• There is a lack of Australian intermediaries who can advise on and create impact investing to stimulate market growth.

Why governments should be interested in impact investment

In addition, the broader rationale for a coordinated impact investment approach, includes the following:

  1. The government does not have the budget or resources to undertake the necessary investment required to address regional and environmental challenges. While the current model of grants has limitations;
  2. Impact investment will help to share financial and performance risk with investors and service providers – allowing better risk management for governments and seeking knowledge and technical assistance from investors and service providers to improve outcomes;
  3. Impact investment encourages innovative, entrepreneurial and scalable outcomes to change the status quo;
  4. Returns on impact investment will be at least as good as traditional investments, and in the future most likely better (Cohen, 2020; RIAA,2020);
  5. Increasing market disruption as young consumers, entrepreneurs and employees seek impact opportunities and influencing the behaviour of investors;
  6. Investors are increasingly looking for impact projects, and there is now a substantial unmet market demand that is not being capitalised and therefore unrealised;
  7. Impact measurement supports an outcomes-based management approach, a WA Government requirement, and a growing determinant for investors and business accountability; and 
  8. The impact revolution has the ability to drive sustainable and development change in WA, improving equality, living standards and environmental outcomes to targeted investment tied to social and environmental outcomes (Cohen, 2020).

Cohen, Ronald (2020) Reshaping Capitalism to Drive Real Change. Ebury Press: London

Deloite (2019) The Deloitte Global Millennial Survey 2019 Societal discord and technological transformation create a “generation disrupted.” Retrieved from:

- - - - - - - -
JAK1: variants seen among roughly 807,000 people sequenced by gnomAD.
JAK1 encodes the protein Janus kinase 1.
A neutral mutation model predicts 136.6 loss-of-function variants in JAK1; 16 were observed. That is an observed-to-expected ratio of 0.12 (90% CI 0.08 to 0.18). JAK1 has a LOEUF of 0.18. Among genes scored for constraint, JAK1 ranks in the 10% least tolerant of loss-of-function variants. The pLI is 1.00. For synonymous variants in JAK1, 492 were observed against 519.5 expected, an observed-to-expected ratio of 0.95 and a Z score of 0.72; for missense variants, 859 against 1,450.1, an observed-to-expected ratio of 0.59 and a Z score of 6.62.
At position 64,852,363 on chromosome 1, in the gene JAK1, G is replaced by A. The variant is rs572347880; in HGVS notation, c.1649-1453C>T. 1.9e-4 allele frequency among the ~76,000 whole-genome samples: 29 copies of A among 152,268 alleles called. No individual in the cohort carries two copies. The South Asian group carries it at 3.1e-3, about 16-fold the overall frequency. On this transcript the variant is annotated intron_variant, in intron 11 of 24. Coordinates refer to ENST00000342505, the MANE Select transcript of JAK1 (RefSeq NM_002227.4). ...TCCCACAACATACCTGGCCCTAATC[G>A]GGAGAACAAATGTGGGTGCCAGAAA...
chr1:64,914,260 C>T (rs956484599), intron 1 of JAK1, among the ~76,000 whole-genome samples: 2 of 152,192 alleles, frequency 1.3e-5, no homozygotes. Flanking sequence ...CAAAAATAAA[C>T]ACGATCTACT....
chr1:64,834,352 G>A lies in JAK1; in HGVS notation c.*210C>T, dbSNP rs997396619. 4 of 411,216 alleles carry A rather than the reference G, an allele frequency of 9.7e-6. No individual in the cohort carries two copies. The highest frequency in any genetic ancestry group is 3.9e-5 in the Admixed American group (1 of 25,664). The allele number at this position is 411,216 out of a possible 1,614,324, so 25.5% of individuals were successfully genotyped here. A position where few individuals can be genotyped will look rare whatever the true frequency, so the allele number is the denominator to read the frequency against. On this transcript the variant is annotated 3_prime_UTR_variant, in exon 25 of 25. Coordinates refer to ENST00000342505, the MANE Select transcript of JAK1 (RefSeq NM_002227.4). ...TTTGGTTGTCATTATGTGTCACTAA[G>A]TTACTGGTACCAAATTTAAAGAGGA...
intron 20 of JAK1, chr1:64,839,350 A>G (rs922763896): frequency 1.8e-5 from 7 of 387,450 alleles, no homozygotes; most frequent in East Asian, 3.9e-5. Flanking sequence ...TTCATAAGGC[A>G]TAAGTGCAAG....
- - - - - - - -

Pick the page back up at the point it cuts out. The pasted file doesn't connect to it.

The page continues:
Global Impact Investing Network (GIIN). (2020) Retrieved from:

Landrum, Sarah (2016) Why Millennials Care About Social Impact Investing. Forbes. Retrieved from: ttps://

Mudaliar, Abhilash, and Dithrich, Hannah (2019) Sizing the Impact Investing Market. Global Impact Investing Network. Retrieved from:  

Responsible Investment Association Australia (RIAA), (2020) Benchmarking Impact Australian Impact Investor Insights, Activity and Performance Report 2020. Retrieved from:

Volk, Ariane (2019) Creating Impact: The Promise of Impact Investing. First edition ed., Washington, International Finance Corporation. Retrieved from:

Investment Attraction: An Asset Class Framework for Designing Investments

With budget short falls and the need to create jobs, investment attraction has become a top priority for governments. The private sector is increasingly being called upon to pay for and lead investments into a whole range of assets; as well as solve social and environmental problems. However, finding the right investor and structuring the investment can be a challenging task. Understanding investment asset classes and the investor’s requirements in each category is a critical first step.


It is important to note that an investor that that works in one class/sub-class may not work in another and each investor’s preferences will differ. As Chen (2019) notes, investors “are not a uniform bunch”.

Investor is any individual or entity “(such as a firm or mutual fund) who commits capital with the expectation of receiving financial returns” through income or capital appreciation (Business Dictionary, N.D; Chen, 2019).

Investors use their capital for long-term gain and therefore are different to traders who seeks to generate short-term profits by repeatedly buying and selling stocks (Chen, 2019). In addition, some investors will also try to address a social or environmental need as well as make a financial return. This is an exponentially growing[1] field called impact investment.

Impact investment is investment that aims to achieve positive and measurable social or environmental impact, as well as financial return (Impact Investing Australia, N.D; OECD, 2015).

In order to select and commence negotiations with potential investors, investment opportunities need to be analysed and matched with investors based on asset class, risk, capital requirements, involvement and timeframes amongst many other factors (Chen, 2019; Nerd Wallet, 2012). Thus, before designing investments or approaching investors, it is critical to understand the major groupings of investments.

What is an Asset Class?

Asset classes provide a framework to categorise and analyse an investment opportunity, structure the investment and match it with interested investors. Asset classes perform either a growth or defensive strategy in an investment portfolio, depending on the underlying economic conditions at any given time. Most investors will have a mix of investments but will not invest across the spectrum of assets or sub-asset classes (Citi, 2016; Chen, 2018).

Asset class is a group of comparable investments that are grouped together based on having a similar financial structure and are traded in the same financial markets, subject to the same rules and regulations (CFI, 2019).